This is a real cliff hanger but there's a catch, if Jem gets off who is the real murderer? Freeing Jem only heightens the likelihood the person that both Mary and Jem want to protect will be found out. I won't spoil the story but all does get resolved. Religion plays a major role. These are pious if not church going people.

The second part of the book really redeems the rest. I recommend skimming much of the first half. And some suspension of disbelief is definitely required. ( )
  Ed_Schneider | Oct 9, 2021 |
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» Add other authors (44 possible)

Author nameRoleType of authorWork?Status
Gaskell, Elizabethprimary authorall editionsconfirmed
Alexandrova,Z.E.Commentarysecondary authorsome editionsconfirmed
Barnes, E.C.Cover artistsecondary authorsome editionsconfirmed
Benitez, PaulaEditorsecondary authorsome editionsconfirmed
Brightfield, MyronIntroductionsecondary authorsome editionsconfirmed
Brightfield, Myron F.Introductionsecondary authorsome editionsconfirmed
Bysty,D.S.Designersecondary authorsome editionsconfirmed
Carabine, KeithSeries editorsecondary authorsome editionsconfirmed
Daly, MacdonaldEditorsecondary authorsome editionsconfirmed
Day, FedoraTranslatorsecondary authorsome editionsconfirmed
Dryden, JohnTranslatorsecondary authorsome editionsconfirmed
Easson, AngusEditorsecondary authorsome editionsconfirmed
Foster, JenniferEditorsecondary authorsome editionsconfirmed
Foster, ShirleyEditorsecondary authorsome editionsconfirmed
Gaskell, WilliamContributorsecondary authorsome editionsconfirmed
Gill, StephenIntroductionsecondary authorsome editionsconfirmed
Gill, Stephen CharlesContributorsecondary authorsome editionsconfirmed
Higgins, ClaireNarratorsecondary authorsome editionsconfirmed
Katarsky,I.M.Forewordsecondary authorsome editionsconfirmed
Lane, MargaretIntroductionsecondary authorsome editionsconfirmed
Minogue, SallyIntroductionsecondary authorsome editionsconfirmed
Munro, RonaAdaptersecondary authorsome editionsconfirmed
Ollerenshaw, MaggieNarratorsecondary authorsome editionsconfirmed
Pendle, AlexyIllustratorsecondary authorsome editionsconfirmed
Pendle, AlexyIllustratorsecondary authorsome editionsconfirmed
PixabayPhotographersecondary authorsome editionsconfirmed
Seccombe, ThomasIntroductionsecondary authorsome editionsconfirmed
Sorbier, Françoise duTraductionsecondary authorsome editionsconfirmed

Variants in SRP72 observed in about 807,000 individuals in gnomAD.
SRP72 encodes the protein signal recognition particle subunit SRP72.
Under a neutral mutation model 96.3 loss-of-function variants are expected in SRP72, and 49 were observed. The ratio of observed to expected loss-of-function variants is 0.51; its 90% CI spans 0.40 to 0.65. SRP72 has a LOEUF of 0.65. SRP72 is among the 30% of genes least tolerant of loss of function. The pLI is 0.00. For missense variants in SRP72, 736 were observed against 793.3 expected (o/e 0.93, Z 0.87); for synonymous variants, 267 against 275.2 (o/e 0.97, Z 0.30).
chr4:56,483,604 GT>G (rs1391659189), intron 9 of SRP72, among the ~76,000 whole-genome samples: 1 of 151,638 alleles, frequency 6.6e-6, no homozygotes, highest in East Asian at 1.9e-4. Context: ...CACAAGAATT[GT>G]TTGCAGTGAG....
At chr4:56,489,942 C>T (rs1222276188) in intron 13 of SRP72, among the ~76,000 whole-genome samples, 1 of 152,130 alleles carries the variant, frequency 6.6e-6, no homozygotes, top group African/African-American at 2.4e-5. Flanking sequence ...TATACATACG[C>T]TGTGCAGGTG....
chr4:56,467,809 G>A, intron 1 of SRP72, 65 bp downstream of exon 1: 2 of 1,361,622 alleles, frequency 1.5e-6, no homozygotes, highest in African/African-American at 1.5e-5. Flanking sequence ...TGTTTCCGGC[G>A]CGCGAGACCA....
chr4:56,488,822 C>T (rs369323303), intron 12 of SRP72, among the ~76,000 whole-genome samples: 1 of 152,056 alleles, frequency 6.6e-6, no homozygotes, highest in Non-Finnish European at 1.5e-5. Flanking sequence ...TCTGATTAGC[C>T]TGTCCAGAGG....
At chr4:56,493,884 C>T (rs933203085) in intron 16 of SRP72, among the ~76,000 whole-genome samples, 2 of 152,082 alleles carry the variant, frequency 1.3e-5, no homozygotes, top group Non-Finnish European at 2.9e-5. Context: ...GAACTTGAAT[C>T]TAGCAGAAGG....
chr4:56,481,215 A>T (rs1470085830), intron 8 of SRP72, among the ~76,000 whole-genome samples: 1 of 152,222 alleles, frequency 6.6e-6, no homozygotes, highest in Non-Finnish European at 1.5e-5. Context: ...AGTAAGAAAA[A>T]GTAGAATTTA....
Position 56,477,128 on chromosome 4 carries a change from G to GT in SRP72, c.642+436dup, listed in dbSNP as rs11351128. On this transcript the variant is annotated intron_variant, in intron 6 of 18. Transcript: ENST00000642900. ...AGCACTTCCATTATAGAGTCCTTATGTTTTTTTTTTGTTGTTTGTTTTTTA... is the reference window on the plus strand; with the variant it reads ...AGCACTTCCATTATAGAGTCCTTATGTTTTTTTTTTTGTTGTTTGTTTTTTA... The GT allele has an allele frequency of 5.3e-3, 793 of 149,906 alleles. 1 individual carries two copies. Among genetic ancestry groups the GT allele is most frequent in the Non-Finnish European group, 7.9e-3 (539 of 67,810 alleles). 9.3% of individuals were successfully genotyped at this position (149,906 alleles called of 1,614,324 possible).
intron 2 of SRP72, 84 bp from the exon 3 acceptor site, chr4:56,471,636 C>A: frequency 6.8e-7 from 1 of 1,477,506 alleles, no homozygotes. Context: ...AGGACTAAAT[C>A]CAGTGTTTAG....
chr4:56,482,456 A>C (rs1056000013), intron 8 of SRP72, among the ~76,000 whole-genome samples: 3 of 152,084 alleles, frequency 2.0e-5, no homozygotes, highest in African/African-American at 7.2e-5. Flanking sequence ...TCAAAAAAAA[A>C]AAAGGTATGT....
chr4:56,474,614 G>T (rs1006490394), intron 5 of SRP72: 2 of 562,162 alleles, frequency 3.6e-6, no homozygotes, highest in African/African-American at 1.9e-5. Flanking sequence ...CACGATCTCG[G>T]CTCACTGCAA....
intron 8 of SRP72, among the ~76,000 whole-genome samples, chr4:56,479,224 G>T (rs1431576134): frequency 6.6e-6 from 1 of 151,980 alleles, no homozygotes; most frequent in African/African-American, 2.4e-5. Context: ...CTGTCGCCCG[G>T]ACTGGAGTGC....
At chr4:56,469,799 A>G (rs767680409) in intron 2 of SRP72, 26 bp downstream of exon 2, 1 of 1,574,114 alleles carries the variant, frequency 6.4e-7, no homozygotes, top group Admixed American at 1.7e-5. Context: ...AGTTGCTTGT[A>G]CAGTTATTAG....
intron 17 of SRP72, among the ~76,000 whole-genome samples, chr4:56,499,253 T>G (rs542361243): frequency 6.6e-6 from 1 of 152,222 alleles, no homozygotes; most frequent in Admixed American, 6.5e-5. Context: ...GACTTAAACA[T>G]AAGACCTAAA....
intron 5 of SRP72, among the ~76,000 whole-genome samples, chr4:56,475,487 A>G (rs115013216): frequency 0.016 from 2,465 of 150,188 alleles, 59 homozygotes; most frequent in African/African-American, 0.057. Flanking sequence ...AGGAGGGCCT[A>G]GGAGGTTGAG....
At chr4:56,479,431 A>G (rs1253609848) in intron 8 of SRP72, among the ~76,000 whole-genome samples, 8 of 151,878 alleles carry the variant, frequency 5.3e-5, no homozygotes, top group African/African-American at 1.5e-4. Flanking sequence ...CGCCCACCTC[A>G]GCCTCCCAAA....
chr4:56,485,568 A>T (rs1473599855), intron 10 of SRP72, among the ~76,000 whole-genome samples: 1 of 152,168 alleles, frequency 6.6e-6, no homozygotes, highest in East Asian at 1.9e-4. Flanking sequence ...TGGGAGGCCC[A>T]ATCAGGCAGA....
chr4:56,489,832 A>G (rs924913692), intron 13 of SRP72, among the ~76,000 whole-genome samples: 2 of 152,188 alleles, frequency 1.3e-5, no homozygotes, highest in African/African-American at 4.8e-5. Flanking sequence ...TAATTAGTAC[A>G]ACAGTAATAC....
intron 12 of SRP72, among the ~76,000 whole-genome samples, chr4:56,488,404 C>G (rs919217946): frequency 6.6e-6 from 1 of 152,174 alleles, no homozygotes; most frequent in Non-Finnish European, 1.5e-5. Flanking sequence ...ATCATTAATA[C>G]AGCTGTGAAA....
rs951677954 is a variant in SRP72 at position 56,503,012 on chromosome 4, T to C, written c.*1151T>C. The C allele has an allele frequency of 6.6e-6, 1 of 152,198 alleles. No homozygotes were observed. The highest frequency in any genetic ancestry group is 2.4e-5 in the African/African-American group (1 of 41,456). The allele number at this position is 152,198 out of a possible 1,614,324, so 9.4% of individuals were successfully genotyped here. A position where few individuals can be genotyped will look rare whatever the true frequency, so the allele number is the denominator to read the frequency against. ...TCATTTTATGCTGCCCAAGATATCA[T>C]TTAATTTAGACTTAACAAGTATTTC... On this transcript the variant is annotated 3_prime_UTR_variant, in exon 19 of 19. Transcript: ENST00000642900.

Stevenson, JulietNarratorsecondary authorsome editionsconfirmed
Strimban, JackCover designersecondary authorsome editionsconfirmed
Strimban, RobertCover designersecondary authorsome editionsconfirmed
Temprano García, MiguelTranslatorsecondary authorsome editionsconfirmed
Uglow, JennyIntroductionsecondary authorsome editionsconfirmed
Ward, A. W.secondary authorsome editionsconfirmed
Wright, EdgarEditorsecondary authorsome editionsconfirmed
Zazo, Anna Luisasecondary authorsome editionsconfirmed
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First words
There are some fields near Manchester, well known to the inhabitants as 'Green Heys Fields,' through which runs a public footpath to a little village about two miles distant.
Mary Barton owes its inception to very personal events, hinted at in the first sentence of the Preface ('circumstances that need not be more fully alluded to'). (Introduction)
Three years ago I became anxious (from circumstances that need not be more fully alluded to) to employ myself in writing a work of fiction. (Preface)
Quotations
Oh Mary! many a hasty word comes sorely back on the heart, when one thinks one shall never see the person whom one has grieved again!
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(Click to show. Warning: May contain spoilers.)
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A story of class struggle, sometimes violent, in the North West of England

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The story is set in the English city of Manchester during the 1830s and 1840s and deals heavily with the difficulties faced by the Victorian lower class.
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Penguin Australia

3 editions of this book were published by Penguin Australia.

Editions: 014043464X, 0141039388, 0141199725